The standard for rock documentaries was set by This Is Spinal Tap, and it isn't even a real documentary. The 1984 spoof is uproariously funny but also uncomfortable, especially for musicians, because it captures many painful truths about the music business.
Which brings me to Anvil! The Story of Anvil, the remarkably good documentary about a promising 1980s metal band that didn't find real success. Anvil! is strongly reminiscent of Spinal Tap, between the absurd stage theatrics, the heavy-metal hair, the bickering. Anvil! even has Stonehenge - the real Stonehenge, though, not Spinal Tap's scale model. Anvil! also is intermittently funny, though it's more mournful than comic. You've never seen so many tears in a metal documentary.
The Canadian band Anvil joined the pop-metal surge of a generation ago, when acts like Whitesnake, Metallica and Bon Jovi attained superstardom. Anvil was respected among metal musicians, a fact that's established right away. In interviews, notables like Motorhead's Lemmy and Metallica's Lars Ulrich talk admiringly about Anvil in its heyday, when the band joined the Scorpions and others on a 1984 tour of Japan. The famous musicians are at a loss to explain why Anvil never made it big.
All these years later, Anvil is still gigging, but rather than stadiums in Japan, they're playing small clubs in Canada. By day Steve "Lips" Kudlow, the singer and guitarist, drives a van for a catering company. He has just turned "fucking 50," as the inscription on his birthday cake reads. His siblings, educated professionals, worry about him. A dreamer given to outbursts of sadness and rage, Kudlow is still planning Anvil's success, but his longtime friend and bandmate, drummer Robb Reiner, is more practical and stoic. (Yes, Reiner's name differs by one letter from Spinal Tap director Rob Reiner's.)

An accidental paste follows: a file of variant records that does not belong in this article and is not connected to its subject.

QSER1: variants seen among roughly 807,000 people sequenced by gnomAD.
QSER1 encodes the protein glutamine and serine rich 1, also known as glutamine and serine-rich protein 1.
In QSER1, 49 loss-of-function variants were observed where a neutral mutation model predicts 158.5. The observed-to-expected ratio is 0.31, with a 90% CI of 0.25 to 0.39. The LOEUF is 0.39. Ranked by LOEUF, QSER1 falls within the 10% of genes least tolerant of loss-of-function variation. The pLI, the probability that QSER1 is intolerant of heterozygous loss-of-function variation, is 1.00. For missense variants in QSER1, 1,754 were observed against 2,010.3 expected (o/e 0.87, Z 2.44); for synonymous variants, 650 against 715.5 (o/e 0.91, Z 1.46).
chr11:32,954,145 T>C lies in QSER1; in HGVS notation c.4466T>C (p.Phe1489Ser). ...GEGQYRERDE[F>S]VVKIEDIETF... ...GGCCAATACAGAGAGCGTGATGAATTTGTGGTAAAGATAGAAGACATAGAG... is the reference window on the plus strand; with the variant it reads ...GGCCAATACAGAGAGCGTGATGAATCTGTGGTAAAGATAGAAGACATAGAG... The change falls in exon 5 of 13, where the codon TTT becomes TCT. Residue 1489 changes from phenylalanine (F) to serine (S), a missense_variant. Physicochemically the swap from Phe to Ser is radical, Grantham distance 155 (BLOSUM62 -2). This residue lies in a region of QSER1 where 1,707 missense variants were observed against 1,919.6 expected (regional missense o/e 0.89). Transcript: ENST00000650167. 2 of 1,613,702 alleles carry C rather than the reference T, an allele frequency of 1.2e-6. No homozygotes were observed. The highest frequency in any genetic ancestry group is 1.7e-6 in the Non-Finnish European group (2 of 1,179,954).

Anvil's members struggle with money, to say nothing of their families' skepticism. A five-week European tour begins in triumph and ends in disaster, as the musicians huddle under sleeping bags on a road trip that would be grueling for musicians 30 years younger. The guys hook up with their old record producer Chris Tsangarides, who has produced many famous metal acts, in hopes that the 13th - 13th - Anvil record will be the breakthrough. Kudlow hints at suicide. Reiner quits the band.
Anvil! is skillfully crafted, especially in the way it conveys Kudlow and Reiner's delight at the fact that, all these years and difficulties later, they're still having fun playing music and traveling the world. Even so, Anvil faces an entertainment business that is, by its nature, brutal. It's hard to watch Kudlow pound the pavement in Hollywood with his newly recorded CD, and it's even harder to watch him meet with a record executive at EMI Canada. The executive listens to a few seconds of a track and says he'll be in touch, but he notes euphemistically that for old-time metal acts like Anvil, "the landscape has changed." (It's worth noting that the film has given Anvil's career a big boost.)
Of course, Anvil! was filmed four years ago, and those years have been tumultuous for big record companies thanks to the Internet. There is poignancy in Anvil's members still pinning their hopes on a major-label contract, because for major labels even more than heavy metal bands, the landscape truly has changed.